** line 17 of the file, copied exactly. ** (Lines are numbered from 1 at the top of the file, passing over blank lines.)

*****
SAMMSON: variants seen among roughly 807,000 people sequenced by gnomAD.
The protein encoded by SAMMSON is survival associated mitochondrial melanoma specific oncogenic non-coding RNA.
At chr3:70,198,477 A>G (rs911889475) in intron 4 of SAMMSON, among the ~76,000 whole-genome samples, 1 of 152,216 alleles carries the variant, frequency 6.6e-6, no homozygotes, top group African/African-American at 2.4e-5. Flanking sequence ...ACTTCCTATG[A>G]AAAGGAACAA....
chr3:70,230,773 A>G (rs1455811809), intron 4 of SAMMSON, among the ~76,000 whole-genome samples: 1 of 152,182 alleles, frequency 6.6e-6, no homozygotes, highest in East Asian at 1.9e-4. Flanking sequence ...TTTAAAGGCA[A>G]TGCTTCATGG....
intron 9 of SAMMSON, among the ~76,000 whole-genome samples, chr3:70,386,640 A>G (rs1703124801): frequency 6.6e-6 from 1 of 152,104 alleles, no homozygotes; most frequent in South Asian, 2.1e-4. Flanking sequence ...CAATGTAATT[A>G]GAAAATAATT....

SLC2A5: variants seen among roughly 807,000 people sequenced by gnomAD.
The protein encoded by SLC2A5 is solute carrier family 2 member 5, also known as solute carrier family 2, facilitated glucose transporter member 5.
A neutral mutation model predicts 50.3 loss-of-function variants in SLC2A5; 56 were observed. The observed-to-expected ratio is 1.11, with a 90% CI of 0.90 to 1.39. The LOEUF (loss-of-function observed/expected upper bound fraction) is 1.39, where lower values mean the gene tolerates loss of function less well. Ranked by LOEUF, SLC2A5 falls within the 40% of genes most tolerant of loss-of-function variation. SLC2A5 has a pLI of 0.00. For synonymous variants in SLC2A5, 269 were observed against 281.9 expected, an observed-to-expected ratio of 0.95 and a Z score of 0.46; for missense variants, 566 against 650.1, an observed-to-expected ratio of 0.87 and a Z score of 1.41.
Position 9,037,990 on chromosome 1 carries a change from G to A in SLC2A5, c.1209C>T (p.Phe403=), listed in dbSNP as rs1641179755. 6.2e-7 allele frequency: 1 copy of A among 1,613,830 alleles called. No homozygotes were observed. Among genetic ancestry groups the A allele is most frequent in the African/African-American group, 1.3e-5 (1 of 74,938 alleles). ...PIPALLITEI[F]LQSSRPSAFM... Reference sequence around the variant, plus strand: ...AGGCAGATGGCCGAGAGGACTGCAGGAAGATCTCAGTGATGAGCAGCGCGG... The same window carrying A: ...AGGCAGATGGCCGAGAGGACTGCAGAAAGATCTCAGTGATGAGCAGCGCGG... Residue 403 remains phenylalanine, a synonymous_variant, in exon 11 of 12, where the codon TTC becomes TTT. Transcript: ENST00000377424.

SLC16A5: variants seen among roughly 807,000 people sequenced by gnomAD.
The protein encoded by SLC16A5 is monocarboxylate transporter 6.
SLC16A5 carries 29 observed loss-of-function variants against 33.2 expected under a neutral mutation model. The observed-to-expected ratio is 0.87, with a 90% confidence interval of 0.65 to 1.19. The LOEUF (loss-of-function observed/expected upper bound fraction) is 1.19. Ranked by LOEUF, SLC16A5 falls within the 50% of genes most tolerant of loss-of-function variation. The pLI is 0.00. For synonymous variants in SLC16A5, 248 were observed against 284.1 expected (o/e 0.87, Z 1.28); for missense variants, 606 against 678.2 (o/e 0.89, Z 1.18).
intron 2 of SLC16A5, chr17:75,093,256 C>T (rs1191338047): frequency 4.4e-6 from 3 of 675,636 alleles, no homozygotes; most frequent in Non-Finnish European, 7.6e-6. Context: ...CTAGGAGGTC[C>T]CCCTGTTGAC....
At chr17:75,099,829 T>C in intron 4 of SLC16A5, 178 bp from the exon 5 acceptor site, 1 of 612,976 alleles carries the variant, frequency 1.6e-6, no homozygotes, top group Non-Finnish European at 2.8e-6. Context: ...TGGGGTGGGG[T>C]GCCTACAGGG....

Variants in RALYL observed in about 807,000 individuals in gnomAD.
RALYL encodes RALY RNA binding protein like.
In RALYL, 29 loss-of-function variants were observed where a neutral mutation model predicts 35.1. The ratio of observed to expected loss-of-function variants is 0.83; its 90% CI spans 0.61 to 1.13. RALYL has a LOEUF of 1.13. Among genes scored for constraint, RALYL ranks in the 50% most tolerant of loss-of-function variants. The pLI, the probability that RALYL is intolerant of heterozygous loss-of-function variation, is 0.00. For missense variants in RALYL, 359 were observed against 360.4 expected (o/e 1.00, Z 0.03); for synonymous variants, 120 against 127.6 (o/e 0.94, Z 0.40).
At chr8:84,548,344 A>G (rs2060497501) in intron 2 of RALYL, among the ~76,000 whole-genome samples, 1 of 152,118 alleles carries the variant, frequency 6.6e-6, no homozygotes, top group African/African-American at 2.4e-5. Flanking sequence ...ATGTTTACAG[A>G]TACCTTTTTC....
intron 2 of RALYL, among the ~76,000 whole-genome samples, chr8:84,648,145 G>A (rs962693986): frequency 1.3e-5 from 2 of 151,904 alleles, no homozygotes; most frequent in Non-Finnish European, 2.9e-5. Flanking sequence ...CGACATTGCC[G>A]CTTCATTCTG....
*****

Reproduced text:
In RALYL, 29 loss-of-function variants were observed where a neutral mutation model predicts 35.1. The ratio of observed to expected loss-of-function variants is 0.83; its 90% CI spans 0.61 to 1.13. RALYL has a LOEUF of 1.13. Among genes scored for constraint, RALYL ranks in the 50% most tolerant of loss-of-function variants. The pLI, the probability that RALYL is intolerant of heterozygous loss-of-function variation, is 0.00. For missense variants in RALYL, 359 were observed against 360.4 expected (o/e 1.00, Z 0.03); for synonymous variants, 120 against 127.6 (o/e 0.94, Z 0.40).